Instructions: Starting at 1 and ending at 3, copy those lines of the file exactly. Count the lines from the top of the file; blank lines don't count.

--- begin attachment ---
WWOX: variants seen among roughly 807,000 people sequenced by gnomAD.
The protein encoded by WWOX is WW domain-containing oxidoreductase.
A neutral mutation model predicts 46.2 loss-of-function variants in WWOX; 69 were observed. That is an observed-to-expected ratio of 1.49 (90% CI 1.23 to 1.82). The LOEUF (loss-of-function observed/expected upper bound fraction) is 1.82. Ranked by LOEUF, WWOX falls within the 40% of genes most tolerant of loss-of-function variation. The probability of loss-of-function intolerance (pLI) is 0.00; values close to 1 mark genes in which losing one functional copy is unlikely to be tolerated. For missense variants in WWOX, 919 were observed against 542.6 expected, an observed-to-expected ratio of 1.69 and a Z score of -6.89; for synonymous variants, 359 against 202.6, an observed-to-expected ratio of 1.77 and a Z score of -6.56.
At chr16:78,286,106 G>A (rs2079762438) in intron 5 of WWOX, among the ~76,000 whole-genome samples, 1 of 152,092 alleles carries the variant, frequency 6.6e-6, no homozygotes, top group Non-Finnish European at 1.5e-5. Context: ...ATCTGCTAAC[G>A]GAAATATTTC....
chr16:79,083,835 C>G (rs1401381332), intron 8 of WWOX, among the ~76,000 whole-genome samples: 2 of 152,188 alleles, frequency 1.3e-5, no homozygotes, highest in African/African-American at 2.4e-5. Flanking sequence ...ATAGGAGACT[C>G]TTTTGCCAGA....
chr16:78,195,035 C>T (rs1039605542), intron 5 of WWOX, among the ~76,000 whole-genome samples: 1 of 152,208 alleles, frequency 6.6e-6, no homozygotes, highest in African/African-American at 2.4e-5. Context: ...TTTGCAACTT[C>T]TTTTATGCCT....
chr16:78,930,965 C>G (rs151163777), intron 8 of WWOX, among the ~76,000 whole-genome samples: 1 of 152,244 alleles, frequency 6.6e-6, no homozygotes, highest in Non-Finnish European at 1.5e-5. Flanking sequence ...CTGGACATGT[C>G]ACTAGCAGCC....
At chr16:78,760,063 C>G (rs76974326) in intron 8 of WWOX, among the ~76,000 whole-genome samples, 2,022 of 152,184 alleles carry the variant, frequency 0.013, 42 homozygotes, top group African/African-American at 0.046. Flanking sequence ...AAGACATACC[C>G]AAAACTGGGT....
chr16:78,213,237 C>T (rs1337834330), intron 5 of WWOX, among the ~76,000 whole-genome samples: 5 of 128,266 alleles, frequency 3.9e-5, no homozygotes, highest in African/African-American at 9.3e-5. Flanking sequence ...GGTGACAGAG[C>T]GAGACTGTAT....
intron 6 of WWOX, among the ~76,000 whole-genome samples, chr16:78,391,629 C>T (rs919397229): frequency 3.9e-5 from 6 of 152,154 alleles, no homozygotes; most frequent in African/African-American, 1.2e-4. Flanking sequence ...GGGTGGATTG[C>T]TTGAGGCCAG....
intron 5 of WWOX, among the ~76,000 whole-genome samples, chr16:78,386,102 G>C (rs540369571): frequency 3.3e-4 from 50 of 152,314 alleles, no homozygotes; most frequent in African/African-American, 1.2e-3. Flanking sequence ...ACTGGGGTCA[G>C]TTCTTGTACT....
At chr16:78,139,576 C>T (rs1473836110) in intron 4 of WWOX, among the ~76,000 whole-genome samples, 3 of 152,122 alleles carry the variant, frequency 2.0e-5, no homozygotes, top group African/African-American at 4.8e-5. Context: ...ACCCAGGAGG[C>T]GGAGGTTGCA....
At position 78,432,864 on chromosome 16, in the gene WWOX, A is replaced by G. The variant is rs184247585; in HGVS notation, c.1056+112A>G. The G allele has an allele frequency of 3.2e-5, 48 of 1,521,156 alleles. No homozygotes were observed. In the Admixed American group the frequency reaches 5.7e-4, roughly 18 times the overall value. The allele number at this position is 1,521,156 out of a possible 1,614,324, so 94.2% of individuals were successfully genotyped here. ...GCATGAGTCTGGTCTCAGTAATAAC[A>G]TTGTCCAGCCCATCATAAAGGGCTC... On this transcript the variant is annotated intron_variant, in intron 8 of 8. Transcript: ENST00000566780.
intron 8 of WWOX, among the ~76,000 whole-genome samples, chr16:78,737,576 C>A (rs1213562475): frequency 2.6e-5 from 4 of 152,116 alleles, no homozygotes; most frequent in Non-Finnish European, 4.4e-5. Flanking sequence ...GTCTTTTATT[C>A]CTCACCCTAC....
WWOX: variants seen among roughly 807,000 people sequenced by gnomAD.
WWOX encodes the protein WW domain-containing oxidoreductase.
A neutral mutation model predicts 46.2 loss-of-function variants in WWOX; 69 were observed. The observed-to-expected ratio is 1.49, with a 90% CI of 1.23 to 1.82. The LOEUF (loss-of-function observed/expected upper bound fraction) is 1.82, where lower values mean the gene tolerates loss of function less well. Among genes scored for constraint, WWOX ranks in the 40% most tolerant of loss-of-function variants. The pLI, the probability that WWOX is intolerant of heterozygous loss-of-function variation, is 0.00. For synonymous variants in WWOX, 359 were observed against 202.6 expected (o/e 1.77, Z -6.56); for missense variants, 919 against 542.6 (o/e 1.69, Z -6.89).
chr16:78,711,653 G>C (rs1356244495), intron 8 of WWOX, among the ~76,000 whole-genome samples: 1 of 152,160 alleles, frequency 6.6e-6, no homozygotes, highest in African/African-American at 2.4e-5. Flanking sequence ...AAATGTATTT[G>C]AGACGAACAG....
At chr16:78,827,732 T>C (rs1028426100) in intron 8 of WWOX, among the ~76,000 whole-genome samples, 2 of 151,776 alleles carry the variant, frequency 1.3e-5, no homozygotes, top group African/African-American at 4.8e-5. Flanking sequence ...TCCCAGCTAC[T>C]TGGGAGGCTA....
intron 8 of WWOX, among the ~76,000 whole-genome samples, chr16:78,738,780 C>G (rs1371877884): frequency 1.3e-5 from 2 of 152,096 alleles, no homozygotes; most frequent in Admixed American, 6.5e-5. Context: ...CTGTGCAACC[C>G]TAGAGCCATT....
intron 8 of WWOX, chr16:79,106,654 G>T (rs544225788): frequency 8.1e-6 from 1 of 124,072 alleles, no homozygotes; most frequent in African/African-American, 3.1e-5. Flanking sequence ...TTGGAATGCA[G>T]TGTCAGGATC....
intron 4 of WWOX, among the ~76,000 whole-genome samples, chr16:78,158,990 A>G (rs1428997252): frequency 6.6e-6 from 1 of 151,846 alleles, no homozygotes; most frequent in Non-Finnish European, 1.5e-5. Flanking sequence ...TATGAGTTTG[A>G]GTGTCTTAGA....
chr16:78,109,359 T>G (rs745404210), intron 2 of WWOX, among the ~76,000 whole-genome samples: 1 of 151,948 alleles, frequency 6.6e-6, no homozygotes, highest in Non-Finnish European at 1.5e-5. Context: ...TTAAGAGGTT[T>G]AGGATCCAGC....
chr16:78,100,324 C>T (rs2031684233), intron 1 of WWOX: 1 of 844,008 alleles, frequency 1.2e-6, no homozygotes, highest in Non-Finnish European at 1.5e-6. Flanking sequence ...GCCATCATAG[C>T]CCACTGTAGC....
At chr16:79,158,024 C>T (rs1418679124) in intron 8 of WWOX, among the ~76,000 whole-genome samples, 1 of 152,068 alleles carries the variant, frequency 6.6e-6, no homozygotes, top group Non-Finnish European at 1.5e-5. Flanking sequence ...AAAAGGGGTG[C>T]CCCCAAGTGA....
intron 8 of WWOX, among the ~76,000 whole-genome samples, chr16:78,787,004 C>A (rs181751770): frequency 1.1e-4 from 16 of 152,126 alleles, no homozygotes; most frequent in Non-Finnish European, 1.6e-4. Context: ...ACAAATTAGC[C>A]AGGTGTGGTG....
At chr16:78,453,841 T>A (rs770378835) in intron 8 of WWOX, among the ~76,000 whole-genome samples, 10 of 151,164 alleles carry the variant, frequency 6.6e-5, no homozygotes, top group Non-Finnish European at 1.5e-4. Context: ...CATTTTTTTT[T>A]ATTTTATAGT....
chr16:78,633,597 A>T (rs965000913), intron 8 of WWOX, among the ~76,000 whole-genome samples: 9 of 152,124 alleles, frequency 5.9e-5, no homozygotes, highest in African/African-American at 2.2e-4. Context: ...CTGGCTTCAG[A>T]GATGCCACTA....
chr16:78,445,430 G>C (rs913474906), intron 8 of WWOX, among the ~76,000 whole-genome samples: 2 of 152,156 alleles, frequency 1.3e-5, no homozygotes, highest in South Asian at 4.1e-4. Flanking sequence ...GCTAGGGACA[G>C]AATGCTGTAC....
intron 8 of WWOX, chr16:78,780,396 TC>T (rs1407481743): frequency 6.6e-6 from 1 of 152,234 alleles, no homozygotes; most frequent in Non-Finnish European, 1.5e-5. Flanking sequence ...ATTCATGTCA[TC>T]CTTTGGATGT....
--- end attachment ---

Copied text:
WWOX: variants seen among roughly 807,000 people sequenced by gnomAD.
The protein encoded by WWOX is WW domain-containing oxidoreductase.
A neutral mutation model predicts 46.2 loss-of-function variants in WWOX; 69 were observed. That is an observed-to-expected ratio of 1.49 (90% CI 1.23 to 1.82). The LOEUF (loss-of-function observed/expected upper bound fraction) is 1.82. Ranked by LOEUF, WWOX falls within the 40% of genes most tolerant of loss-of-function variation. The probability of loss-of-function intolerance (pLI) is 0.00; values close to 1 mark genes in which losing one functional copy is unlikely to be tolerated. For missense variants in WWOX, 919 were observed against 542.6 expected, an observed-to-expected ratio of 1.69 and a Z score of -6.89; for synonymous variants, 359 against 202.6, an observed-to-expected ratio of 1.77 and a Z score of -6.56.